While Chopin's section is modulated into G minor, the composer's variation introduces unique elements. If you listen closely, you will notice an internal melody played by the right hand. Syncopated rhythms capture the listener's attention, embodying the central idea of the piece. This syncopation creates a distinct contrast from Chopin's original work, providing a fresh and engaging listening experience.

Additionally, the "Devil’s Etude" includes a jazz-influenced coda, adding a modern twist to the classical framework. Interestingly enough, this coda gives contrasting vibe at the end, which was not shown earlier. It changes its tempo into accelerando, with the jazzy rhthym. While earlier sections were slow and classical music inspired, the coda offers you to enjoy the different mood of the piece which is uniquely written. This can be seen as the composer’s effort to show variety of interpretations of the Chopin’s piece. There is no need to stay within classical genre even if you are dealing with the cliché of classical music. This faster tempo, combined with the jazz elements, makes "Devil’s Etude" not only a technical challenge but also an opportunity to explore different musical styles and expressions. The jazz coda offers a playful and unexpected conclusion, blending classical virtuosity with contemporary feature.


Tips for Practicing This Piece for Those Who Are Interested

First, listen to how it is changed into a minor key. Chopin’s piece is composed in a major key, which gives listeners a feeling of upbeat delight. However, by changing it to G minor, this piece is meant to give a different vibe. A darker feeling should be conveyed, which you have to focus on.

Secondly, as I mentioned, the inner melody composed by the composer is important to keep in mind. If you forget to highlight the melody, then it will be just a simple pattern. Keep in mind that you need to deliver the inner melodies.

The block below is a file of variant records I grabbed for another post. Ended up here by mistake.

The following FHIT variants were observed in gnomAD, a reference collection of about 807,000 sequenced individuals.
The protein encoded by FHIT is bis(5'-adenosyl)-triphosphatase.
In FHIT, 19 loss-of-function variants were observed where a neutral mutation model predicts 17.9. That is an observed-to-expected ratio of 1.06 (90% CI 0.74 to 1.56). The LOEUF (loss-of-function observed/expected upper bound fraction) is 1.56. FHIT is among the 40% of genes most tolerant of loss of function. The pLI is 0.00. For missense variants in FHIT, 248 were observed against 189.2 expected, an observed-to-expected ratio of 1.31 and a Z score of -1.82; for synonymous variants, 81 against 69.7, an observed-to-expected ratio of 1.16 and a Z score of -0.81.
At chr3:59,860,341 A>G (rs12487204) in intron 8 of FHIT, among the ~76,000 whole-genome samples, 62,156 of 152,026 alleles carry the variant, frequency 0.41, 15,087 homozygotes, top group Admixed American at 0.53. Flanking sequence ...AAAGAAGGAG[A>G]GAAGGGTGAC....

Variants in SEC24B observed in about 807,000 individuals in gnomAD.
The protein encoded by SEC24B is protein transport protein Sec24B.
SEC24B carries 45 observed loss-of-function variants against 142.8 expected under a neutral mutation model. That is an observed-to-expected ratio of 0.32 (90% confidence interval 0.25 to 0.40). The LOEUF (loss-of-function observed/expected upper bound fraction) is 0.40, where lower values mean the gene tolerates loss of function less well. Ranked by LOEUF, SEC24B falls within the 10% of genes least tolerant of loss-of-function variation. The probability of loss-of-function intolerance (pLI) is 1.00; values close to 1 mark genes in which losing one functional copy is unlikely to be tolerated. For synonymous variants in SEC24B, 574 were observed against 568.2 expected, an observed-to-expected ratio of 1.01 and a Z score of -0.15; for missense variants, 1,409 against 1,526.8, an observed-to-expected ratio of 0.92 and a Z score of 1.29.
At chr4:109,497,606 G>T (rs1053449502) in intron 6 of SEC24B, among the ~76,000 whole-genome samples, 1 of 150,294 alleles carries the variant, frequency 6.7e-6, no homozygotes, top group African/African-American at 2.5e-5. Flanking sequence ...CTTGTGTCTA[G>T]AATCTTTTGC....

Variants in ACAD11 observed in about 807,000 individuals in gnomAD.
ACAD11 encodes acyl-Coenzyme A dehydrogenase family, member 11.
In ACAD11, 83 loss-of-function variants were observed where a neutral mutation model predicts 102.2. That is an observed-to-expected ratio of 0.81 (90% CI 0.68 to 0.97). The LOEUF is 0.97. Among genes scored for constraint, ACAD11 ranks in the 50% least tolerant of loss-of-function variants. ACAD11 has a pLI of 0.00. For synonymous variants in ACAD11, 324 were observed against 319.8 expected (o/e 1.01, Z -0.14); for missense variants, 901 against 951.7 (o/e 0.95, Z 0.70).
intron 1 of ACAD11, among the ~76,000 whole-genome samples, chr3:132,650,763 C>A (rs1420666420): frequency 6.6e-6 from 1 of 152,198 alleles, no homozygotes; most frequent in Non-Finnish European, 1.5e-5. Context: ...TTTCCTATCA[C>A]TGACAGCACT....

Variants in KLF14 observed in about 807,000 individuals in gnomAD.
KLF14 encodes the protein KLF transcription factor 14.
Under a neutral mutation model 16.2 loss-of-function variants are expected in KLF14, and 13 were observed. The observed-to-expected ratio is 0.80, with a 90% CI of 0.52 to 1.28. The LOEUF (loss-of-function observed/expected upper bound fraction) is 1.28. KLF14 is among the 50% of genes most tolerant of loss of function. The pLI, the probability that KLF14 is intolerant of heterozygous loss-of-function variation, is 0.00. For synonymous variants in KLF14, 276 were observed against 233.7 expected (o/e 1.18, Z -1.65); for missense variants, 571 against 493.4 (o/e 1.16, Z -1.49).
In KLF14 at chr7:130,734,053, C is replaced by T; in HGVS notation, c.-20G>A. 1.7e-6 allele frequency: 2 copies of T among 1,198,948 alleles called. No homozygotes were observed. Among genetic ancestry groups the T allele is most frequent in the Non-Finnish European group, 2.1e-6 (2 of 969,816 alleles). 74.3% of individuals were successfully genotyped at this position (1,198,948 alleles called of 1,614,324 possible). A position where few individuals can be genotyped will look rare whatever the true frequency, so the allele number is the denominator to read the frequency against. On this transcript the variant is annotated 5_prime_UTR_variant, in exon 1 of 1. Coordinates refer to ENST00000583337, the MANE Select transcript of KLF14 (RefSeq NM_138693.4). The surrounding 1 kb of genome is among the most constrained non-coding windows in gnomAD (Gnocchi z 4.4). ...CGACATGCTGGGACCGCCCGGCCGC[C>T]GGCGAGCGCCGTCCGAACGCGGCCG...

Lastly, since the coda is in such a contrasting tempo and genre, you need to think about how to emphasize this contrast more effectively. Maybe you can slow down a little bit before you start playing the coda, or you can finish the section in pianissimo and show a drastic crescendo in the coda.


Practicing the "Devil’s Etude" can serve as a stepping stone for pianists aspiring to master Chopin's "Black Key Étude." It offers a way to build technical proficiency and musical expressiveness while navigating through complex fingerings and dynamic shifts. By working on both pieces, pianists can gain a deeper appreciation of Chopin's influence and the creative potential that emerges from studying his works.

In summary, while Chopin's "Étude Op. 10, No. 5" remains a formidable challenge, it continues to inspire and motivate pianists to push their limits. Pieces like the "Devil’s Etude" offer an opportunity to experience similar technical and musical demands within a slightly more approachable framework. Both pieces highlight the enduring impact of Chopin's genius and the continuous evolution of piano music inspired by his legacy. Here, you can find the sheet to download and practice the music!